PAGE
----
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Gold Bullion Defies Bond Yields at Decade Highs as 'Markets Test' Japan, Euro Central Banks

GOLD BULLION bounced from a new 4-week low against the surging US Dollar in London on Tuesday, holding firmer in terms of all other major currencies ahead of tomorrow's Federal Reserve decision as global stock markets fell for the 5th session running in the face of sudden fears over central banks "losing control" of long-term borrowing costs, now hitting their highest in over a decade.
The MSCI World Index extended yesterday's 3.7% plunge – the steepest 1-day loss since June 2020 – to hit its lowest since November 2020.
The price of gold in Euros, Sterling and Japanese Yen slipped only to what were new all-time highs in early March, when gold priced in Dollars challenged its 2020 Covid Crisis peak of $2075 per ounce amid Russia's invasion of Ukraine.
Dollar bullion prices today rallied $10 per ounce from $1811 hit in Asian trade overnight, the cheapest since mid-May.
The yield on 10-year US Treasury bonds – a benchmark for US government as well as many commercial borrowing rates – meantime ticked back 0.1 points from Monday's jump above 3.4% per annum, the most costly since April 2011, when Washington's triple-A bond rating was called into question due to the Fed's then-young policy of QE monetary stimulus.
So-called real rates, as tracked by the yield on 10-year inflation-protected Treasury bonds, in contrast rose today to 0.7% per annum – the highest since mid-March 2019.
Chart of 10-year TIPS yields vs gold bullion in US Dollars. Source: BullionVault
Rising by nearly 0.6 percentage points during the 1st two weeks of June, TIPS yields have only twice risen faster since TIPS were launched in 2003, first during the Lehmans' Crash phase of the global financial crisis in October 2008, and then during March 2020's Covid Crash across global financial markets.
Usually showing a statistically strong inverse correlation with TIPS yields, gold prices fell sharply both times, averaging 2-week losses of $78 per ounce during the Lehmans' phase and then $150 during the Covid Crash.
Gold prices today were trading $20 below the level of 31 May.

Over in Tokyo on Tuesday, the Bank of Japan today followed up yesterday's announcement of ¥500,000,000,000 ($3.7bn) in new QE bond buying by announcing almost 5 times as much again for Wednesday ($18.2bn).

Tokyo's 10-year bond price rose in response, edging the government's borrowing cost lower but only by 2 basis points to 0.23% per annum after hitting New Year 2016 levels above 0.30% on Monday.
The BoJ's "unlimited" QE policy has a target of 0%.
"The bond market appears to be pricing in the chance of a collapse in yield-curve control," Reuters quotes Jun Ishii, strategist at brokerage Mitsubishi UFJ Morgan Stanley Securities, commenting on the weakening price of Japanese government bonds.
"We have a sizable short on JGBs," Bloomberg quotes Mark Dowding of $127bn asset managers BlueBay, calling the BoJ's policy "untenable".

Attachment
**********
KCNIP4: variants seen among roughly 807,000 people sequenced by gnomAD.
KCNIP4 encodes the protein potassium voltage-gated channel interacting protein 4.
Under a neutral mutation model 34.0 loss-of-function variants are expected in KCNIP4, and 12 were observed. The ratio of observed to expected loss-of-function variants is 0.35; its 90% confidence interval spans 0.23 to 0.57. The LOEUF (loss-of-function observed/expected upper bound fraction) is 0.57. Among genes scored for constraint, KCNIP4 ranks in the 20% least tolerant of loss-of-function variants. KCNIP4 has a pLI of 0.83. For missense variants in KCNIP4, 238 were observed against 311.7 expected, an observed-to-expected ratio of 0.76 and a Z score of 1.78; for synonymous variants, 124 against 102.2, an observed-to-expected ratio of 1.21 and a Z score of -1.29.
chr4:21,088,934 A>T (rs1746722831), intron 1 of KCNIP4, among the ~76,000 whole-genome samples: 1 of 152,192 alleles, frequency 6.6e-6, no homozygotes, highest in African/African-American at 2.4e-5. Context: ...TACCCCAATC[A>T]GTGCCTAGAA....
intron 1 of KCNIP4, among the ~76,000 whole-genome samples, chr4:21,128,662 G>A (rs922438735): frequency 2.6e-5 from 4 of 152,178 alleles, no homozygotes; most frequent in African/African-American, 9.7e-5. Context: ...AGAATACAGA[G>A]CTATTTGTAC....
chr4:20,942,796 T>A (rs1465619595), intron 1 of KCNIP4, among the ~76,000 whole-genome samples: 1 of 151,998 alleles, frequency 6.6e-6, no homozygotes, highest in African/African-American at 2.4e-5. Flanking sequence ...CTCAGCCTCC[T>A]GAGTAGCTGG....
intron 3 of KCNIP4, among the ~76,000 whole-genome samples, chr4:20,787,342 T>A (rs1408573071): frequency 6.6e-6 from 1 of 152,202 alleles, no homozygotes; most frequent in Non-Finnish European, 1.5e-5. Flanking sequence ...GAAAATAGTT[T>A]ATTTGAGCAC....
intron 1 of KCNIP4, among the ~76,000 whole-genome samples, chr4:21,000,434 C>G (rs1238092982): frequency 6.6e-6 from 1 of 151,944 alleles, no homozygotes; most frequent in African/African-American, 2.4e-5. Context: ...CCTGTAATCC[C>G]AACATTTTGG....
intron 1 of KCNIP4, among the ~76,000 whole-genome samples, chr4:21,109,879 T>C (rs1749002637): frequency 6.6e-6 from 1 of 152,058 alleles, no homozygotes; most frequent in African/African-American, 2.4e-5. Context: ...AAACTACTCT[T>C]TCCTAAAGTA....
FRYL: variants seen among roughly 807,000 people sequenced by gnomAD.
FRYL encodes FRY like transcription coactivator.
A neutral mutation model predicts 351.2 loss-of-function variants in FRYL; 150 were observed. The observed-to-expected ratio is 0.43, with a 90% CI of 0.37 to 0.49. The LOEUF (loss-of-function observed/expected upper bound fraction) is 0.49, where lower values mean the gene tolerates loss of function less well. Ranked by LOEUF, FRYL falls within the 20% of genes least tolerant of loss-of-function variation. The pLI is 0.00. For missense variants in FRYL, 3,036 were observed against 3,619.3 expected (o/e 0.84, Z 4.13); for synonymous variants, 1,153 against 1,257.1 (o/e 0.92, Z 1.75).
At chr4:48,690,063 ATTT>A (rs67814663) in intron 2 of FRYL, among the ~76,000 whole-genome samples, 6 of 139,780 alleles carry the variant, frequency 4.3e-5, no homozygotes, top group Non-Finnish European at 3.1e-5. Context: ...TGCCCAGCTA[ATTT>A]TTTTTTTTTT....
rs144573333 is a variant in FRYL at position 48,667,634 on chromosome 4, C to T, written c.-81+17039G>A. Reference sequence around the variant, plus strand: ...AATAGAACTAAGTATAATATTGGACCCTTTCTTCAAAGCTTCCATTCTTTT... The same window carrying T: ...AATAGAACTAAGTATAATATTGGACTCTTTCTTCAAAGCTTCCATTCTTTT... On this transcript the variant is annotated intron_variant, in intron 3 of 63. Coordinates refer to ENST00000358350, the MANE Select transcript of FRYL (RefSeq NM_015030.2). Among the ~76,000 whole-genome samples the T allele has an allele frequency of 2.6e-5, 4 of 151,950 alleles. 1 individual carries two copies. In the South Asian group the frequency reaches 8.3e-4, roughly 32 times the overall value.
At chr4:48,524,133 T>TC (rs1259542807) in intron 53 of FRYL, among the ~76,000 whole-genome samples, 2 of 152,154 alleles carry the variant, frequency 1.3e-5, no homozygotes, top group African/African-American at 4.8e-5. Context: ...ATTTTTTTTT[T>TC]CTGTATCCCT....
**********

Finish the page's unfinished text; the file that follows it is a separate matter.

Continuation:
Fresh falls in the price of Italy's government debt – the largest sovereign burden in the 19-nation Eurozone – meantime drove Rome's cost of borrowing further above 4% per annum on 10-year bonds, the highest since end-2013.
That took the spread between 10-year BTP and comparable German Bund yields above 2.5 percentage points, the widest since April 2020 – height of the 2020 Covid Crash – and a gap between the No.1 and No.3 Euro economies' state borrowing costs first seen during Rome's political and fiscal debt crisis of 2011.
Chart of Italy and USA 10-year government bond yields. Source: Trading Economics
"The ECB needs a bazooka to close bond spreads," says an opinion article at Bloomberg, referring to the US Treasury's plea to the Federal Reserve during the subprime mortgage crisis and urging the currency union's central bank "to defend the Euro's weaker members from surging borrowing costs" by extending rather than suspending its QE money-creation and bond buying.
Gold bullion today slipped to €1740 per ounce for Euro investors, the cheapest since Friday's surge to 6-week highs following news of a fresh 4-decade high in US consumer-price inflation.
UK gold prices in Pounds per ounce held above £1500 per ounce as London's 10-year borrowing rates edged back from its highest since autumn 2014.

Adrian Ash

Adrian Ash, BullionVault Gold News

Adrian Ash is director of research at BullionVault, the world-leading physical gold, silver and platinum market for private investors online. Formerly head of editorial at London's top publisher of private-investment advice, he was City correspondent for The Daily Reckoning from 2003 to 2008, and he has now been researching and writing daily analysis of precious metals and the wider financial markets for over 20 years. A frequent guest on BBC radio and television, Adrian is regularly quoted by the Financial Times, MarketWatch and many other respected news outlets, and his views from inside the bullion market have been sought by the Economist magazine, CNBC, Bloomberg, Germany's Handelsblatt and FAZ, plus Italy's Il Sole 24 Ore.

See the full archive of Adrian Ash articles on GoldNews.

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